As an extended celebration of his birthday, Economic Freedom Fighter’s (EFF) commander in chief, Mr Julius Malema hosted a breakfast for the senior citizens of Ekurhuleni at Capellos in Carnival Mall in the early hours of Wednesday morning this week. Before the breakfast, Mr Malema gave elders the opportunity to raise their concerns about service delivery and human settlement issues they have experienced.
The senior citizens highlighted issues around human settlement which include long waiting lists for RDPs, poorly built RDP houses and shacks being sold without the consent of the owners. The elders accused current government of pushing people up on the waiting list after eliciting sexual favours from the general public. “A 28-year-old cannot be registered for a house before someone who is 50 years old. These RDPs are given to the younger generations because they have ways of getting up the list, one of those ways include sleeping with the people in charge which means our seniors have no chance of getting these RDPs,” said Mr Malema during his address.
“We do not have a country because a country starts with home affairs where your birth is first recorded. Using your ID, if you receive a social grant, the government should be able to detect that you are struggling financially because you receive a social grant and should therefore automatically push all those people to the top of the RDP list instead of creating a system where you still need to explain why you qualify for an RDP,” Mr Malema stated. The EFF party leader blamed the rise in crime and drug use by the youth in townships on the lack of access to free education.
Mr Julius Malema addressed the issue of title deeds by assuring the elders that EFF has lawyers in place ready to fight for anyone who has any land disputes, for free. “The RDPs built by the current government cannot even be called RDPs, they are shacks built with one brick. The RDPs are cracked, and when we fought for housing in Ekurhuleni during the apartheid era, we told them we do not want matchbox houses, now the government is giving the people something worse than matchbox houses and they expect us to accept it. When we decide to accept it, we also say it’s better than nothing, no its not, it’s exactly the same as nothing,” said Mr Malema.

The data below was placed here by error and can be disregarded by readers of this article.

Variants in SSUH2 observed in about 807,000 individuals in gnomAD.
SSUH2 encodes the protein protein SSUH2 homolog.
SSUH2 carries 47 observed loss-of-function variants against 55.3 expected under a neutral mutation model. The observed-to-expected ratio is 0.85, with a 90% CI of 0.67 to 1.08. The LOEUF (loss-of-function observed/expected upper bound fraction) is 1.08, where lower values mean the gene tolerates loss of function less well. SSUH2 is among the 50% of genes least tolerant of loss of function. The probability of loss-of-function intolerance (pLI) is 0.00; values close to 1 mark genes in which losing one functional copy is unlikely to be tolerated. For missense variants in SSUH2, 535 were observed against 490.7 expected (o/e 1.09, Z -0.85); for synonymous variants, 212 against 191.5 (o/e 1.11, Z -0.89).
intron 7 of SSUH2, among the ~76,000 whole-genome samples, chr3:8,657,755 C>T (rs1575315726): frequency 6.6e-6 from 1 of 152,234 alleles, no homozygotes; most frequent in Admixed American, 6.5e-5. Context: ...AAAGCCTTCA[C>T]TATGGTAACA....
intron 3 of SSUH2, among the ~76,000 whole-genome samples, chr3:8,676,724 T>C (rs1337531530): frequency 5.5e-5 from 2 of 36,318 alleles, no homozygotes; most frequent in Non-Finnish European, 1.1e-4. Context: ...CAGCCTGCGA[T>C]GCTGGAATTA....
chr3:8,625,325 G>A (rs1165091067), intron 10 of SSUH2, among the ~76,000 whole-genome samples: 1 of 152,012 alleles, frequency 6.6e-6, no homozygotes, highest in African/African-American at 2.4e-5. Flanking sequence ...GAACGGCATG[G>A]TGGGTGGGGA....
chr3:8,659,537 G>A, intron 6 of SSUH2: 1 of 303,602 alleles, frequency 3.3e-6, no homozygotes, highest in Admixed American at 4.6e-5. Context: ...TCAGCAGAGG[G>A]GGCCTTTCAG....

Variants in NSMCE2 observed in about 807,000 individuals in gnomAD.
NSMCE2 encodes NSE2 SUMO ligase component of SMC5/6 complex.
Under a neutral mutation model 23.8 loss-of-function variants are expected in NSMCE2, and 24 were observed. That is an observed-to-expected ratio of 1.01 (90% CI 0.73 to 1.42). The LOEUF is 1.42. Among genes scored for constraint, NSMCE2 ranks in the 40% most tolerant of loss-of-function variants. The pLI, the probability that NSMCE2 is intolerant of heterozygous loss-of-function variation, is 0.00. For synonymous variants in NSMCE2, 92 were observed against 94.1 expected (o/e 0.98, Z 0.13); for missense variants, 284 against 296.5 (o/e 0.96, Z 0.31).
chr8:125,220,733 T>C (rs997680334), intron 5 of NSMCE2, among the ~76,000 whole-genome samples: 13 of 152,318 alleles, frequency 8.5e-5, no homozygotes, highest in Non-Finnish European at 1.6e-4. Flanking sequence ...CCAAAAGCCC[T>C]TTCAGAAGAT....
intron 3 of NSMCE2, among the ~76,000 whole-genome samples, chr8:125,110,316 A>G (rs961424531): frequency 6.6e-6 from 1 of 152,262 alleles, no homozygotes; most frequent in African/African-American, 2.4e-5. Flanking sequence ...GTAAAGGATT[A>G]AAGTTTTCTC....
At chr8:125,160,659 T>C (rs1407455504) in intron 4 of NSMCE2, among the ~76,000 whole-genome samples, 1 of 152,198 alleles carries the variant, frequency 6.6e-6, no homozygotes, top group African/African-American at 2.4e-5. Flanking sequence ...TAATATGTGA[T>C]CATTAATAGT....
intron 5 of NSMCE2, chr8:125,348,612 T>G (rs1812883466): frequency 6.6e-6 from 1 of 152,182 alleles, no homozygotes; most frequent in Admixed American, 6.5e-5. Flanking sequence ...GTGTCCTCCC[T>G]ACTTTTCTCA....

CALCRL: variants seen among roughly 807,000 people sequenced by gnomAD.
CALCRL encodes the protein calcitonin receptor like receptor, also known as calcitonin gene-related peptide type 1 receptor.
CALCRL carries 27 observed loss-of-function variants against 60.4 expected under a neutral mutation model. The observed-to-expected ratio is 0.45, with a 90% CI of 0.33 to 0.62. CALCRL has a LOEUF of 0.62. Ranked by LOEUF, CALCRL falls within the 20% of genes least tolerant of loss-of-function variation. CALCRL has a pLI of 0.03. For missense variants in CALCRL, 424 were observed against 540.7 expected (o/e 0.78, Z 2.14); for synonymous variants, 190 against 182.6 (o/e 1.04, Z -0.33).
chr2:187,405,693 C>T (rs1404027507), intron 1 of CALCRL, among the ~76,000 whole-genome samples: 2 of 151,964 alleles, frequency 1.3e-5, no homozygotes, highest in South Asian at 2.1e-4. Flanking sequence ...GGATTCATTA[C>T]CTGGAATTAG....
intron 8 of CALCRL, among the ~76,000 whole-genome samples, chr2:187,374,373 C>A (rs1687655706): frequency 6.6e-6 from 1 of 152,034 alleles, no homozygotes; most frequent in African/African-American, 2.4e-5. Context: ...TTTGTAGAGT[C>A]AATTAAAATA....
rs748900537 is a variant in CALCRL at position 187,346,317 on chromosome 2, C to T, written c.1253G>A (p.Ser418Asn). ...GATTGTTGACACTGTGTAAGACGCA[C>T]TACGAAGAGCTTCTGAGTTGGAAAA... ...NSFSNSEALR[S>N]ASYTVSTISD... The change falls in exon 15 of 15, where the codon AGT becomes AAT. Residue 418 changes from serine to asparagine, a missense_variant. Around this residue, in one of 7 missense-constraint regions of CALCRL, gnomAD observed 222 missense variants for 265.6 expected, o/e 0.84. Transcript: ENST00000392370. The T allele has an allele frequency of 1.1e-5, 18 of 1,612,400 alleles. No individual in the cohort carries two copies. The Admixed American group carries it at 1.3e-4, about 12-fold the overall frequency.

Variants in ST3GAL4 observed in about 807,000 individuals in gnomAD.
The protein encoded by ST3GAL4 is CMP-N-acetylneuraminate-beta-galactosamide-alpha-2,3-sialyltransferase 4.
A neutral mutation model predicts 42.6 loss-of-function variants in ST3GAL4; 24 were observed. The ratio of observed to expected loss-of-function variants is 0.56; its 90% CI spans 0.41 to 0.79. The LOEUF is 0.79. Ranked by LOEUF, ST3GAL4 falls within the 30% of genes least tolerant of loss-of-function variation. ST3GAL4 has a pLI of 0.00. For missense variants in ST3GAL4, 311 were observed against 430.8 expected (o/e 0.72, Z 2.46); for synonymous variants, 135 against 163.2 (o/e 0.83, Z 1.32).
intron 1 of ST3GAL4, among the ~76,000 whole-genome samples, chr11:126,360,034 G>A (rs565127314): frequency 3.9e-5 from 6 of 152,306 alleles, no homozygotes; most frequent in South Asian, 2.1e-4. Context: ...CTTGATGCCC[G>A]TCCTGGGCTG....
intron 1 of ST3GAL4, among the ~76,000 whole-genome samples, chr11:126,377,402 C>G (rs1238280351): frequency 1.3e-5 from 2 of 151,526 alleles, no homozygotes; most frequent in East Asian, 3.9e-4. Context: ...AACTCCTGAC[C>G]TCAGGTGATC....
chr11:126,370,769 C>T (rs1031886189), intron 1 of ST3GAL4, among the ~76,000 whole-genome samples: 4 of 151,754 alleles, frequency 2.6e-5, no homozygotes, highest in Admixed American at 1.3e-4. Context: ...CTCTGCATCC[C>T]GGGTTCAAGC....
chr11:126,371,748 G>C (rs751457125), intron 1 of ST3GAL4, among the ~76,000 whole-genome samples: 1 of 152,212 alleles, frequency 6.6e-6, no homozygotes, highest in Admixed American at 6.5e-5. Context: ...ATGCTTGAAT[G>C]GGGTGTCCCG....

One of the seniors read from the EFF’s manifesto and asked for further elaboration on the party’s plans to ensure that game reserves are owned by the people. Mr Julius Malema commented on the fact, saying that there are many places that are registered as game reserves that do not in fact have any ‘game’ on the land, therefore “where there is no such thing as a game reserve, let the land be available to our people for cultivation – where there is a game reserve, let that land be owned by the people,” he said. Mr Malema’s concern was that the land is being used and exploited by tourists instead of that land benefiting the people of South Africa.
“We want to fight for your children to find jobs. We want them to work for the government because unfortunately if you do not support the ANC or if you are not a close relative you will not get hired, we want to end this. There are security guards hired by government organizations on private company contracts that end up overcharging government for mediocre work. We want to change this and hire these security guards under the government administration, so that we can hire people that actually work instead of people that commit crimes and fall asleep on the job. In Johannesburg we have already hired over 7 000 government employed security guards, we have increased their pay from R4500 to R7500, we then gave them pension funds and medical aid. We want this to continue happening across the country,” said Mr Julius Malema in his address on unemployment issues.
The EFF president closed off his speech with a promise to keep fighting to double the senior citizens social grants and to intensify efforts to change the attitude of the youth involved in criminal activities. He thanked the elders for reminding the party of what they are fighting for, and a promise to keep standing for them when they can no longer stand for themselves.